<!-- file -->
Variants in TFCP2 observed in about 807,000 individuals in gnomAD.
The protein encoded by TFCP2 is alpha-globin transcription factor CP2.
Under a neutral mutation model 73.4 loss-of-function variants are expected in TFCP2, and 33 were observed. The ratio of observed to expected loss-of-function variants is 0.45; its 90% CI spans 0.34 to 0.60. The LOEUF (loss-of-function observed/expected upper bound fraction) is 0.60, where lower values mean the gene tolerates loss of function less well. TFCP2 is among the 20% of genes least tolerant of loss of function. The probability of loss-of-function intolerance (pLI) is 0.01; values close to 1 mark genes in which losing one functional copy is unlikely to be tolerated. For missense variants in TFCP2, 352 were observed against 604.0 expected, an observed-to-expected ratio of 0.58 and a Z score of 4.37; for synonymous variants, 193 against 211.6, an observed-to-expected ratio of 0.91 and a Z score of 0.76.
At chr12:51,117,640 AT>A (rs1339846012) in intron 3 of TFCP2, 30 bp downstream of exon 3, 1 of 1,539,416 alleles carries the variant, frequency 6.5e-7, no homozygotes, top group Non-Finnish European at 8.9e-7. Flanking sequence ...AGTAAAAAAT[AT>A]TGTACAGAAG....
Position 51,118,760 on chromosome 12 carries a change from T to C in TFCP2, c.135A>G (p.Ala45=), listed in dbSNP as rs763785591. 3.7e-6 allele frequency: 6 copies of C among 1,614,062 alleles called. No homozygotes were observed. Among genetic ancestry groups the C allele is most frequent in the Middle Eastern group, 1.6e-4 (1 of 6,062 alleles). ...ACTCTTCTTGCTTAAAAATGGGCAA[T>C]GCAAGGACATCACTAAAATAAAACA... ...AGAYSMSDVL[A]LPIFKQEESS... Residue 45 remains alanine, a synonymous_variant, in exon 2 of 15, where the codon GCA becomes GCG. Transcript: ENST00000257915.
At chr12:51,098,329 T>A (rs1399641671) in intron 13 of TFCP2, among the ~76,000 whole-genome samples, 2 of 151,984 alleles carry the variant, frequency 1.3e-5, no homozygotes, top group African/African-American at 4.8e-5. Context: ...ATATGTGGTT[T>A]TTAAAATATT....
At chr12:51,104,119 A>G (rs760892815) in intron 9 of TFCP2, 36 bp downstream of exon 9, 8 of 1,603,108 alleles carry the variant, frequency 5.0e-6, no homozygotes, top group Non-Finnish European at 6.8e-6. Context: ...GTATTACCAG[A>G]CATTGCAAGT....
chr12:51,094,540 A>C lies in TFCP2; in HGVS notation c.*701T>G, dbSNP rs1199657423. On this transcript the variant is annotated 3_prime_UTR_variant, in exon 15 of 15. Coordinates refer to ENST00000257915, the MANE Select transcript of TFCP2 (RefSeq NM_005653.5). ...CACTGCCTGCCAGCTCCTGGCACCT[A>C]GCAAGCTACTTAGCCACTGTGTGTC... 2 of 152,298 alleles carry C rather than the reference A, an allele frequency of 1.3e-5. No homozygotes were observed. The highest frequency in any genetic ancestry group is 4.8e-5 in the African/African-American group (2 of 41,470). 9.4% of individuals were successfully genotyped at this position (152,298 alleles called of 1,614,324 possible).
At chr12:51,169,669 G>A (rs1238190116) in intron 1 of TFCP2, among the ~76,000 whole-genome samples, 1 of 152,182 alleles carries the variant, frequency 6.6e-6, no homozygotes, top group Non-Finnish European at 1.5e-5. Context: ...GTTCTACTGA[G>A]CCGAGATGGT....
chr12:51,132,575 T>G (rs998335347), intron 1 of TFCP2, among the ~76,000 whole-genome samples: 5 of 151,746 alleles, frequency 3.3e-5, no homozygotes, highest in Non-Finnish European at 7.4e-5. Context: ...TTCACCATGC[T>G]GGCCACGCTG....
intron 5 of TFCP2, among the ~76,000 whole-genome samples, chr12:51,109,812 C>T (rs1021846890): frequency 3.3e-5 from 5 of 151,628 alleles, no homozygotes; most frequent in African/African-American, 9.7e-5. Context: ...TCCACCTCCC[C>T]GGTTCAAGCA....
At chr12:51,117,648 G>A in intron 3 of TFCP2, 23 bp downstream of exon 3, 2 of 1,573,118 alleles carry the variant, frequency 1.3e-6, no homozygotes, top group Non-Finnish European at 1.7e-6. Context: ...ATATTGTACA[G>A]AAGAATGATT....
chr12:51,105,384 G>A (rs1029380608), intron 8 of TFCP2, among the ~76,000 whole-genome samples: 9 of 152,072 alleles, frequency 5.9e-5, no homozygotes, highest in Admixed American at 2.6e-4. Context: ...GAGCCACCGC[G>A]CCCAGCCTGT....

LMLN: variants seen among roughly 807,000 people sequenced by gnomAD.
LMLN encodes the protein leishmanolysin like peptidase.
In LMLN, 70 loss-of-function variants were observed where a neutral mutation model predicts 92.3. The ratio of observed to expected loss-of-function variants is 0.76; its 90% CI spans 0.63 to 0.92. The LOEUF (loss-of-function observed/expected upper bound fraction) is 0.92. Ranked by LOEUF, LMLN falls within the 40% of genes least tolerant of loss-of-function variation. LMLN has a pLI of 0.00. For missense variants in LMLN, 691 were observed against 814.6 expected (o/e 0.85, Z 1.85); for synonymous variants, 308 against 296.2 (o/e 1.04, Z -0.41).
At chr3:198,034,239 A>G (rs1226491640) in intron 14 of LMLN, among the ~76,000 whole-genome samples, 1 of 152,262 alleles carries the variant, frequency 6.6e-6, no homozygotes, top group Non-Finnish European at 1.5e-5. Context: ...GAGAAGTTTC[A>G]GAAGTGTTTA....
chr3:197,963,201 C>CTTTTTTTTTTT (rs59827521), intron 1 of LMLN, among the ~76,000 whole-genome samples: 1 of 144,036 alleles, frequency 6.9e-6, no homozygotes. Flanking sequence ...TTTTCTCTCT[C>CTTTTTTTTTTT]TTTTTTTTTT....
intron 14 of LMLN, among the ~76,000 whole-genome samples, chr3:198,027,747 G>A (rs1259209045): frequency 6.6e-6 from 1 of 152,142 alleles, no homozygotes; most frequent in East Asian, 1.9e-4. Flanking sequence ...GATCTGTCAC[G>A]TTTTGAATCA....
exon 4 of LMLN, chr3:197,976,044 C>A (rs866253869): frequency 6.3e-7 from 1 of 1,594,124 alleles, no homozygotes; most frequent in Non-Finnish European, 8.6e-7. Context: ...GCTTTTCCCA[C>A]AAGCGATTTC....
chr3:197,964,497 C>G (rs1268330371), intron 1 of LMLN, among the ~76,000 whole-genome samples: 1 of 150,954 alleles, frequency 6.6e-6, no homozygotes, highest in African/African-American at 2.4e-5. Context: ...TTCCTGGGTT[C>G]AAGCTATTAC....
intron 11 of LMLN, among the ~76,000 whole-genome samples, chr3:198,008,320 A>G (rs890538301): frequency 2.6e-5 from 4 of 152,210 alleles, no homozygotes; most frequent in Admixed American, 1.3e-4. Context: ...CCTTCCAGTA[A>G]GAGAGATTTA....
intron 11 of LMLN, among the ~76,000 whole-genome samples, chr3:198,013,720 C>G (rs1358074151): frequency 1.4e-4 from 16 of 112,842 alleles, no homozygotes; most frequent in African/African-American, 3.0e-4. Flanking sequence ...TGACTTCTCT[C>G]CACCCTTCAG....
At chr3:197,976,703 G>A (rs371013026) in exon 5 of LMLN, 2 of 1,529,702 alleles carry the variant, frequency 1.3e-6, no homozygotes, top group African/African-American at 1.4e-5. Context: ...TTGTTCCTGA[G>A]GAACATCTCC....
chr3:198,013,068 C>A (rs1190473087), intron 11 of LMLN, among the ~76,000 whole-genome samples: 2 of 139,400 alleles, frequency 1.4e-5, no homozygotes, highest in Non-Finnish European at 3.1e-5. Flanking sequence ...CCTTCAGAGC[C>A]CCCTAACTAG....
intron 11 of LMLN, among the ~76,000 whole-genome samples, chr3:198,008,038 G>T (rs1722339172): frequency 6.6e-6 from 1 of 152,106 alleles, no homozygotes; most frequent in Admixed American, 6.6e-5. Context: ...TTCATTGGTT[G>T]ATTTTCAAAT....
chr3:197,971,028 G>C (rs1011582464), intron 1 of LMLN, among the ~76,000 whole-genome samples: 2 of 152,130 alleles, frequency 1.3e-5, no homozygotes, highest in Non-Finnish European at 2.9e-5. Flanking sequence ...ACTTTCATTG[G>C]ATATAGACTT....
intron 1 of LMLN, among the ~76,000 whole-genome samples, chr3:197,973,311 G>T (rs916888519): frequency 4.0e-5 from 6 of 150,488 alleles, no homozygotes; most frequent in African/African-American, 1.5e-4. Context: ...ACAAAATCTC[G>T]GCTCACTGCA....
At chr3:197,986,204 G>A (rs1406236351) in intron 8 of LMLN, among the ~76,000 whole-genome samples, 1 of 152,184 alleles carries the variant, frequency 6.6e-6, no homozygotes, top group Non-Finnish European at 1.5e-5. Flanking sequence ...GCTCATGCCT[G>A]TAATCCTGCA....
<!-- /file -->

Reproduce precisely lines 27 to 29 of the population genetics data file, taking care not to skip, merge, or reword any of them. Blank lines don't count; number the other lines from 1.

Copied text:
chr3:197,971,028 G>C (rs1011582464), intron 1 of LMLN, among the ~76,000 whole-genome samples: 2 of 152,130 alleles, frequency 1.3e-5, no homozygotes, highest in Non-Finnish European at 2.9e-5. Flanking sequence ...ACTTTCATTG[G>C]ATATAGACTT....
intron 1 of LMLN, among the ~76,000 whole-genome samples, chr3:197,973,311 G>T (rs916888519): frequency 4.0e-5 from 6 of 150,488 alleles, no homozygotes; most frequent in African/African-American, 1.5e-4. Context: ...ACAAAATCTC[G>T]GCTCACTGCA....
At chr3:197,986,204 G>A (rs1406236351) in intron 8 of LMLN, among the ~76,000 whole-genome samples, 1 of 152,184 alleles carries the variant, frequency 6.6e-6, no homozygotes, top group Non-Finnish European at 1.5e-5. Flanking sequence ...GCTCATGCCT[G>A]TAATCCTGCA....